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Monday, September 9, 2019

Chandrayaan 2: All is not lost!

It was Friday night and Saturday’s morning. Time: 1.38 am. The terrifying 15 minutes began. Vikram commenced its descent to the moon from a height of 35 km from the lunar surface. Its throttleable engines were doing a fine job. Its velocity was being gradually reduced from the present 6,048 mt per second. As planned for, everything was going on smoothly. Women and men in front of the monitors clapped gleefully.  

Then began the ‘fine-breaking’ stage. And the central engine was on. Speed had fallen to 86 mt per second. Time: 1.51 am. Vikram was gliding in a parabolic path. It was just 2.1 km away from its destination. It was slowing down to about 50 mt per second. About to start its vertical descent. Three more minutes to land—yeah, three long minutes. Silent prayers from the control room. Suddenly the green line on the screen started deviating from its path. Bated breaths. Green line stopped moving.  All around tension.  Smiles vanished. Heavy-sighs. Vikram fell silent. And soon it became clear: Vikram failed to land softly on moon. Deadly-silence. Swelled-up eyes. Silent sobs. Control room landed in a state of gloom. Cheerful Indians sitting in front of TVs at once turned dumb, throats choked.  Ha! It was all a bit of an anti-climax.

Of course, as the day dawned, it slowly became clear that all is not lost. As Madhavan Nair, former ISRO Chairman said, “We need not worry too much … 95% of mission objectives have been achieved … already.” For the orbiter is healthy and continues to circle around the moon at a relatively low altitude. Fortunately, 90% of experiments on board Chandrayaan 2 are in the orbiter and it is reported to be doing a fine job. The brighter side is: it will watch over the world’s sole natural satellite beyond its planned period of an year for almost seven years owing to the savings effected in energy consumption while flawlessly inserting it into a stable lunar orbit.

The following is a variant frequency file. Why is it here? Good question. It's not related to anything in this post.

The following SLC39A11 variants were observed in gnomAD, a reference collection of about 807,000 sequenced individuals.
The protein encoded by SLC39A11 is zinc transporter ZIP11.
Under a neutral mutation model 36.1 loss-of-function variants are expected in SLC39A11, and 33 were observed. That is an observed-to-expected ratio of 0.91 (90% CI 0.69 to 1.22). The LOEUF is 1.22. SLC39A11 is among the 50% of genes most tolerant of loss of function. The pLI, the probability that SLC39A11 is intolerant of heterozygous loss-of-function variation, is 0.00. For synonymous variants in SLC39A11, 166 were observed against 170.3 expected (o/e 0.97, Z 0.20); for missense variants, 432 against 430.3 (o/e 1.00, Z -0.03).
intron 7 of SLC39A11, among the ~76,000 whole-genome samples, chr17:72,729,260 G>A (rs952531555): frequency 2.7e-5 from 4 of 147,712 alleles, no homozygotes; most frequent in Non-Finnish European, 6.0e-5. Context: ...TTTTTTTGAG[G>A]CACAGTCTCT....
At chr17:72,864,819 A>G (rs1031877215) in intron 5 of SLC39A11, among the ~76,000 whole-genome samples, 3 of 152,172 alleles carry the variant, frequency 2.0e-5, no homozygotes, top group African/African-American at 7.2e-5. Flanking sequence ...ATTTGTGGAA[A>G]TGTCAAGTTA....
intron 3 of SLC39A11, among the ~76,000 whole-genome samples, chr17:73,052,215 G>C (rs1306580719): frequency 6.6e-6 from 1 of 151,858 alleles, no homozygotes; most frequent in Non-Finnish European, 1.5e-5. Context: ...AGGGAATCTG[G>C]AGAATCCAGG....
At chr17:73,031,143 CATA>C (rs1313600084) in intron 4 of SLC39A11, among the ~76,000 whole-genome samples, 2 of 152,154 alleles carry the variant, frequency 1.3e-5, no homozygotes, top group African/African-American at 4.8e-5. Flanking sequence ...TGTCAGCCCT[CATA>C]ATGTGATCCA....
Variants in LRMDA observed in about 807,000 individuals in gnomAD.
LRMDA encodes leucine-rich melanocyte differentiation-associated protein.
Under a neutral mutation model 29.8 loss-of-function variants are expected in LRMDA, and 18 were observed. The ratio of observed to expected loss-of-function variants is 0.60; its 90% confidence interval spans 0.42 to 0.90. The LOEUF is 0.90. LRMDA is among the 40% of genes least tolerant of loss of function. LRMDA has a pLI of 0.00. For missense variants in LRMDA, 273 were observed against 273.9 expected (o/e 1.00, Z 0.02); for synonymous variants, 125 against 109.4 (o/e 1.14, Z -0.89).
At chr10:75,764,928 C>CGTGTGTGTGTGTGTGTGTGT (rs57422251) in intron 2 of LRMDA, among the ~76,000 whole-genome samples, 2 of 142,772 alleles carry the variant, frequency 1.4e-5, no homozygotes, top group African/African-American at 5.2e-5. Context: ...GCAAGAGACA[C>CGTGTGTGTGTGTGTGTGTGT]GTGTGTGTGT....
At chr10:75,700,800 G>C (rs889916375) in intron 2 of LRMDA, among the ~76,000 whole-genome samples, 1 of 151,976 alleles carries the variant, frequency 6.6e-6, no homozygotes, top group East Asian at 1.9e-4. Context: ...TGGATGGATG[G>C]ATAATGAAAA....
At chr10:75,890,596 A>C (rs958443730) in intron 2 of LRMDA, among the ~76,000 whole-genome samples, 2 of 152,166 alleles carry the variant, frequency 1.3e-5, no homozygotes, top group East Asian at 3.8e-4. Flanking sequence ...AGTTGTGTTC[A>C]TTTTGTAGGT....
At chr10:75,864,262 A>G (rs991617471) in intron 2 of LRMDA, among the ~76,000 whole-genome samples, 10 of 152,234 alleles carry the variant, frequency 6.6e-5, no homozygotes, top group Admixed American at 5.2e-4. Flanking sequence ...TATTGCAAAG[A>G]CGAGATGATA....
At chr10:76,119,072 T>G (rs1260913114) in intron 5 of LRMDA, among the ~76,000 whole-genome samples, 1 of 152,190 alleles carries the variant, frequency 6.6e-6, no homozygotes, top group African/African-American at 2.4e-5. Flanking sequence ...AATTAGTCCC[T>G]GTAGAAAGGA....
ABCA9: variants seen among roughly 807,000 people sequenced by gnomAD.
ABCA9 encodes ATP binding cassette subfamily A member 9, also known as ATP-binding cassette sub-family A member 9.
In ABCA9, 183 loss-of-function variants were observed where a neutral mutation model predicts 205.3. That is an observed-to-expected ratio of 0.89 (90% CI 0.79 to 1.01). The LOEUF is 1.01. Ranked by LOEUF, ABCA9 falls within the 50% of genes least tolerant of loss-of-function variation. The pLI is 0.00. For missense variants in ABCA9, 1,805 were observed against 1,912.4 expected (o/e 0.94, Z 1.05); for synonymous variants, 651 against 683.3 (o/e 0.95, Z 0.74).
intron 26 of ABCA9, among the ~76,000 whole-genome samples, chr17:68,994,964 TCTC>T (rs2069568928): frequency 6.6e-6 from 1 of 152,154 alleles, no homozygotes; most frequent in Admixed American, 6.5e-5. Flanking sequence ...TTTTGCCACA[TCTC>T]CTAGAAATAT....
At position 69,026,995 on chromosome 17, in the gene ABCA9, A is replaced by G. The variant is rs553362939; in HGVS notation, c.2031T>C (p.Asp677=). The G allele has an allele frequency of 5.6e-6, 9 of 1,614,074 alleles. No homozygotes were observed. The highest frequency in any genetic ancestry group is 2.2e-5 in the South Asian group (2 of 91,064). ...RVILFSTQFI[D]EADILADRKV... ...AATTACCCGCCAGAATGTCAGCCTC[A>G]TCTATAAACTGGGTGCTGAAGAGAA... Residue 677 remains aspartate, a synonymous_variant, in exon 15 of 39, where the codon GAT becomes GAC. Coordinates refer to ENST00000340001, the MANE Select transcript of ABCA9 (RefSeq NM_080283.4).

Further, “the data from CHACE-2 (Chandra’s Altitudinal Composition Explorer) reveals that it is functioning perfectly alright and “the data from it are excellent”. Similarly, RAMBHA-Dual Frequency Radio Science Experiment too is in orbiter and thus ISRO is sure to get a wealth of data from it. Which means ISRO will be able to carry on its planned cutting-edge lunar research regardless of failure of Vikram’s soft landing: One, its terrain mapping camera, TMC2 will transmit a detailed cartography of the lunar surface helping ISRO create 3D maps of the hitherto elusive-topography of lunar surface with locked up supplies of water ice; two, it enables ISRO scientists to look at the regions of moon that are perpetually in shadow and by using the bounced off signals from inside the surface level formations and the perturbations thereof, they shall be able to calculate the thicknesses of said formations;  and three, all this cumulatively improves our understanding of the moon’s geology and particularly enables us to understand how moon’s south polar region differs from the rest. Over it, its X-ray monitor shall through light on how much solar radiation makes to the moon and how it changes along its way.